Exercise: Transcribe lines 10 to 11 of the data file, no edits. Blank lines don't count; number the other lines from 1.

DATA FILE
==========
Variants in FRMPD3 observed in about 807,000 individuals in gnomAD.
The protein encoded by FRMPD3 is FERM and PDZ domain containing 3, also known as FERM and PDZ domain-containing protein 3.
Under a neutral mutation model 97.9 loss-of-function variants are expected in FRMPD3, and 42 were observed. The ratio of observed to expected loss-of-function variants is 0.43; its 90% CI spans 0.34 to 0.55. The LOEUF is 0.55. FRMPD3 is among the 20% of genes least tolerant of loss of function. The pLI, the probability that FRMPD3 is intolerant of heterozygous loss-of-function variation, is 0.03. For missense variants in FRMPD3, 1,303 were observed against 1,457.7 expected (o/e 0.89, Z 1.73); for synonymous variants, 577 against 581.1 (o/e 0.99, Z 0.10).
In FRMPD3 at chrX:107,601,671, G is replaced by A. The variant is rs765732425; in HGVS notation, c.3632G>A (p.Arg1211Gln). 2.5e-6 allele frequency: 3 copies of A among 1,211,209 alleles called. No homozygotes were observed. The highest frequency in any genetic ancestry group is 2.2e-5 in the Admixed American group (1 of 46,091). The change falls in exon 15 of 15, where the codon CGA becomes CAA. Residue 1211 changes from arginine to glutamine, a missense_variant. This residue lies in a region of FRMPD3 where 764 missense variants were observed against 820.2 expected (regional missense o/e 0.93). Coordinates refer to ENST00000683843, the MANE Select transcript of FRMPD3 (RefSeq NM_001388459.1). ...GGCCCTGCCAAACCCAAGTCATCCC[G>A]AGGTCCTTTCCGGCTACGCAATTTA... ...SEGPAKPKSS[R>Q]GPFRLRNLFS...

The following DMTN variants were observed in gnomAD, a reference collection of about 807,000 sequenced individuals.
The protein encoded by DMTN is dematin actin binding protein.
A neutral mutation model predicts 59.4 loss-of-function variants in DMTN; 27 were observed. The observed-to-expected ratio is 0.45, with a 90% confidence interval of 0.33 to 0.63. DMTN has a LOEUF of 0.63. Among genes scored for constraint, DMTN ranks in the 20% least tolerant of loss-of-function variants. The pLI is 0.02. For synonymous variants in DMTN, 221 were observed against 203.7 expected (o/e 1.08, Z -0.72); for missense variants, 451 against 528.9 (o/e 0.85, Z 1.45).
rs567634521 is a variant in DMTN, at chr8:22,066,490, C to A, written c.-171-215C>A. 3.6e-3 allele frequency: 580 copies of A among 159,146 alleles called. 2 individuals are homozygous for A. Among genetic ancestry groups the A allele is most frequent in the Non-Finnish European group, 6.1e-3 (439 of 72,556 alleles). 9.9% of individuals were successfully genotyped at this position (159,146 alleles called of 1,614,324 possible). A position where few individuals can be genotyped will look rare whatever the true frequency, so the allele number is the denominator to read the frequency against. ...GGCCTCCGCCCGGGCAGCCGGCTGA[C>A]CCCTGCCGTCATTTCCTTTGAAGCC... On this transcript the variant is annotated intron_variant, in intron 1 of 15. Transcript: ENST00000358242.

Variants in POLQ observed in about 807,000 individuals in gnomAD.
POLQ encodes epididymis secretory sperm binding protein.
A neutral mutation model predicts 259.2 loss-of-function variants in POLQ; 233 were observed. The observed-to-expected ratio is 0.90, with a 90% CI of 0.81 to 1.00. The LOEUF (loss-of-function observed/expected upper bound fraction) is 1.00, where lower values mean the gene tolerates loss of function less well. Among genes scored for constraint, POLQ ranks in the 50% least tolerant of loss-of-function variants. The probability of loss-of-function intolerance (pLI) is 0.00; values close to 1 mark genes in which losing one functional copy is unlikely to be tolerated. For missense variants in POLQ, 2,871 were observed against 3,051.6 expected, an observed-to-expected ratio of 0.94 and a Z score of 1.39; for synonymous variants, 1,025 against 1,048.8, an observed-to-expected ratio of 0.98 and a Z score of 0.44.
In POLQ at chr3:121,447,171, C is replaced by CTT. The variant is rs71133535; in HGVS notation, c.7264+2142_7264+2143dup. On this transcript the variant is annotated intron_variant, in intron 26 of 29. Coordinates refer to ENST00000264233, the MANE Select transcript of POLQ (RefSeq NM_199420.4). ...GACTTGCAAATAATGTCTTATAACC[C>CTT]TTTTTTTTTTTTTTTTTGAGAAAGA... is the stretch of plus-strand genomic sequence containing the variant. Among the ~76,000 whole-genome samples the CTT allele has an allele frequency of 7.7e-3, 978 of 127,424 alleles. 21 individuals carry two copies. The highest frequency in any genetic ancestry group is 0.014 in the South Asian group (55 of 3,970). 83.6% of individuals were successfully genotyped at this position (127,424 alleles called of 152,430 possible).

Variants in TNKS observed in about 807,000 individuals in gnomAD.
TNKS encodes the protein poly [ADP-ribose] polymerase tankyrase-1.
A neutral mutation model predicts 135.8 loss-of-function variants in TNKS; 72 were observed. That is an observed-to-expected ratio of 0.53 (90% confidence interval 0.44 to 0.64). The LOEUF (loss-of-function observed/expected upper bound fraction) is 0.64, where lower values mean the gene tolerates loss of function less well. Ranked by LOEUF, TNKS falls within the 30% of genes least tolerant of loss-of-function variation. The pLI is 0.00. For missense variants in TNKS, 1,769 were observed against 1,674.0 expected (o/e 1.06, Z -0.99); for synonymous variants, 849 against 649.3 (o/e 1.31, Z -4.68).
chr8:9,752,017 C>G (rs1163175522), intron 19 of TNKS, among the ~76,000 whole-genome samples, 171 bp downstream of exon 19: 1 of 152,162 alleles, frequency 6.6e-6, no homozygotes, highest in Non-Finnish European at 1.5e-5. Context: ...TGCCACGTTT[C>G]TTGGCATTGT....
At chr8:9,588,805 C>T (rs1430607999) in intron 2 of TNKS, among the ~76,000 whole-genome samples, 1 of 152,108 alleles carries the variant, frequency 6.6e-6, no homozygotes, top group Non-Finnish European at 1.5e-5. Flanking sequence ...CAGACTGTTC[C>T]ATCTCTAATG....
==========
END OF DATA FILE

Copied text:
POLQ encodes epididymis secretory sperm binding protein.
A neutral mutation model predicts 259.2 loss-of-function variants in POLQ; 233 were observed. The observed-to-expected ratio is 0.90, with a 90% CI of 0.81 to 1.00. The LOEUF (loss-of-function observed/expected upper bound fraction) is 1.00, where lower values mean the gene tolerates loss of function less well. Among genes scored for constraint, POLQ ranks in the 50% least tolerant of loss-of-function variants. The probability of loss-of-function intolerance (pLI) is 0.00; values close to 1 mark genes in which losing one functional copy is unlikely to be tolerated. For missense variants in POLQ, 2,871 were observed against 3,051.6 expected, an observed-to-expected ratio of 0.94 and a Z score of 1.39; for synonymous variants, 1,025 against 1,048.8, an observed-to-expected ratio of 0.98 and a Z score of 0.44.